Thursday, March 22, 2012

Divergence: Transcending Bitterness, False Dichotomy, and Mystic Christianity

I've written so far about my religious experiences and some tentative conclusions from them. However, when speaking about religion, one cannot help but speak about everything else. It's the nature of the beast, and why I found it impossible to transcend calling myself religious without abandoning all of my beliefs. Though I've been willing to do that, I still think that what I have put my faith in is true, despite the absurdity surrounding it. We'll get to that later in this post.

So, let's start from the beginning. I've grown up inundated with conservative Evangelical Christianity. It's affected every part of my life, and I'm both damaged and wiser for that. Perhaps those things are one in the same. When I speak of conservative Evangelical Christianity, I speak of the Christianity that Nietzsche spoke against when he spoke of God being dead, and us having killed him. Through movement after movement, Christianity in the western world has fractured and created so many subgroups and become so fleshed out that it's fed back on itself. I haven't been to church beyond being obligated to go every once in a while for almost a decade now, despite my college's requirement that I attend in addition to the inundation of chapel every week (which I unashamedly say that I skirted around with every trick I could come up with). Christianity has become a system of indoctrination based around fear, but where could that fear come from? Why does the Roman Catholic Church feel the need to constantly announce its' stance on public issues? Why have Evangelicals tied themselves into multiple political movements (moral majority, pro-life, against legalizing gay marriage, pro-death penalty, pro-war). Why is it so confusing for someone to be called a politically liberal Christian in the south? Why do you get chain letters guilting you into forwarding them if you "love Jesus?"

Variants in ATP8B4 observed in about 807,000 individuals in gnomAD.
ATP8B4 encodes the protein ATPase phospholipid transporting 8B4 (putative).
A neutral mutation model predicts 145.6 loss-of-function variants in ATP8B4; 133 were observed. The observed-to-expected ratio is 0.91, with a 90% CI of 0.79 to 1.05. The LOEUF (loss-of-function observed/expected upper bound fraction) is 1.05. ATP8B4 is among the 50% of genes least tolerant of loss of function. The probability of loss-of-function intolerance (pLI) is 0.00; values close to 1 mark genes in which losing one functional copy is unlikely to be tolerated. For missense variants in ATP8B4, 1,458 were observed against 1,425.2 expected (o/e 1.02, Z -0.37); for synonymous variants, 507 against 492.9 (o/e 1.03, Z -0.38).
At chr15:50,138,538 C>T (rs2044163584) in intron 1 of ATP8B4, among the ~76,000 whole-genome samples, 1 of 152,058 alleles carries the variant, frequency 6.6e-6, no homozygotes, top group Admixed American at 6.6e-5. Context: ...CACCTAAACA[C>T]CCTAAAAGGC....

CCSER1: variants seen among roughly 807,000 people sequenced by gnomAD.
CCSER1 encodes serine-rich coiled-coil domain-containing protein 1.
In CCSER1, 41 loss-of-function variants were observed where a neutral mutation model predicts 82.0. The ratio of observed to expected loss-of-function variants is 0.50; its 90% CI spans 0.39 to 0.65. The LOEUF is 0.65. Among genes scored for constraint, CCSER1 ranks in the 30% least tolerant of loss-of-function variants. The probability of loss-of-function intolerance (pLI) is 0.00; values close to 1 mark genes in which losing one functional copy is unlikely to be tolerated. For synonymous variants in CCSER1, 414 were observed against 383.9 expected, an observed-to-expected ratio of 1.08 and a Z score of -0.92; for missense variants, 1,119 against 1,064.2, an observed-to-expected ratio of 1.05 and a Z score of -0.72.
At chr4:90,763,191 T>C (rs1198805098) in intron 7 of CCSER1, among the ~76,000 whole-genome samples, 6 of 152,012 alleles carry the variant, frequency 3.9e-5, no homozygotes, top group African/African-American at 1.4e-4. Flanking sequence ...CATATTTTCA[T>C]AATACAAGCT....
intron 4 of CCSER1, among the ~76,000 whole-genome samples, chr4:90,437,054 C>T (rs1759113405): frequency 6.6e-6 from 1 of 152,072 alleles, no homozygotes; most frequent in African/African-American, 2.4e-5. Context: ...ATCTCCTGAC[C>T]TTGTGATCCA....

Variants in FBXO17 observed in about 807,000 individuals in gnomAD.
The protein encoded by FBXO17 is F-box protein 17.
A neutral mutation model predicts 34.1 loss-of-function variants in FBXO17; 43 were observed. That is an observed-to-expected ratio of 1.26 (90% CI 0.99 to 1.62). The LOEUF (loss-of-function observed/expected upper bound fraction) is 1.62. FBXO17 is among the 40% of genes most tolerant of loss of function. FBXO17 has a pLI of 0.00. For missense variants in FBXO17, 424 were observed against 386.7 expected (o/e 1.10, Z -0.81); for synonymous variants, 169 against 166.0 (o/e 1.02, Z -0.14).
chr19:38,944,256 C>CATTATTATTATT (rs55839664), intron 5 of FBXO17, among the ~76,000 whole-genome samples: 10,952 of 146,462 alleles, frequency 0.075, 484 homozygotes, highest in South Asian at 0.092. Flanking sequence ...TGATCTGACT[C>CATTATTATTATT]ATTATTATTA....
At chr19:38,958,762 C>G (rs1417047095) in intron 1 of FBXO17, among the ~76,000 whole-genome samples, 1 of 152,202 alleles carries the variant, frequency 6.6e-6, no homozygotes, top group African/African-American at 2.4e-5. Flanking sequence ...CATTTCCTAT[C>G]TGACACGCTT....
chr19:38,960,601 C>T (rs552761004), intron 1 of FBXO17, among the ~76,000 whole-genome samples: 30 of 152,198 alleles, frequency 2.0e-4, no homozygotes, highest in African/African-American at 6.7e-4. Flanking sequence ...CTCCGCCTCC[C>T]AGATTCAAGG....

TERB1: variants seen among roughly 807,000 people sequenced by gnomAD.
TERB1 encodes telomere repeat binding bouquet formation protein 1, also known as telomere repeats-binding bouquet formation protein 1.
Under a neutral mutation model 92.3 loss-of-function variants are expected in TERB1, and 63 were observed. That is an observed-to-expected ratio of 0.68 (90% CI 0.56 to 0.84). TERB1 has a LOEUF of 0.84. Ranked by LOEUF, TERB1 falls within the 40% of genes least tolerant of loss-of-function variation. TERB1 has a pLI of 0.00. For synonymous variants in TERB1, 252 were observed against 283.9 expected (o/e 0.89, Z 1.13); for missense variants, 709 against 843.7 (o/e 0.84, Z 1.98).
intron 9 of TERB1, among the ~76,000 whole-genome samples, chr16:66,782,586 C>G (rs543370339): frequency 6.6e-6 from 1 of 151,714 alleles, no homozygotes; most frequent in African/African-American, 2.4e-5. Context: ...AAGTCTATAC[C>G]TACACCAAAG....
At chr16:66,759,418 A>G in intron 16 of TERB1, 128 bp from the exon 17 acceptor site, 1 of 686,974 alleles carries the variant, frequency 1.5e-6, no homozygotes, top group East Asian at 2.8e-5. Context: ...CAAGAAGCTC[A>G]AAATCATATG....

Many will say that they aren't religious, they just love Jesus. I submit that this is impossible. When you even mention Jesus, you are making a religious claim. Even though he was arguably a historical figure, you're not just talking about that when say you "love Jesus." You're talking about the claim that he is divine, God in flesh, and that he is alive and well despite his historic death. You are claiming that you believe he resurrected from the dead and did the work of salvation (loaded term, by the way). Whether these claims are meant metaphorically or literally, you are still speaking using religious language. It is not escapable, and to say you aren't religious but then start teaching people about things from the Bible is even more of a contradiction, because the Bible, by nature, is a religious text.

Now, to get any further, we must do one of my favorite things.

Religion. A system of relating humanity to the spiritual world, sometimes through veneration of a religious figure(s). This can includes beliefs regarding metaphysics, morality, epistemology, history, and usually includes a metanarrative, or an explanation of all things by one single narrative structure.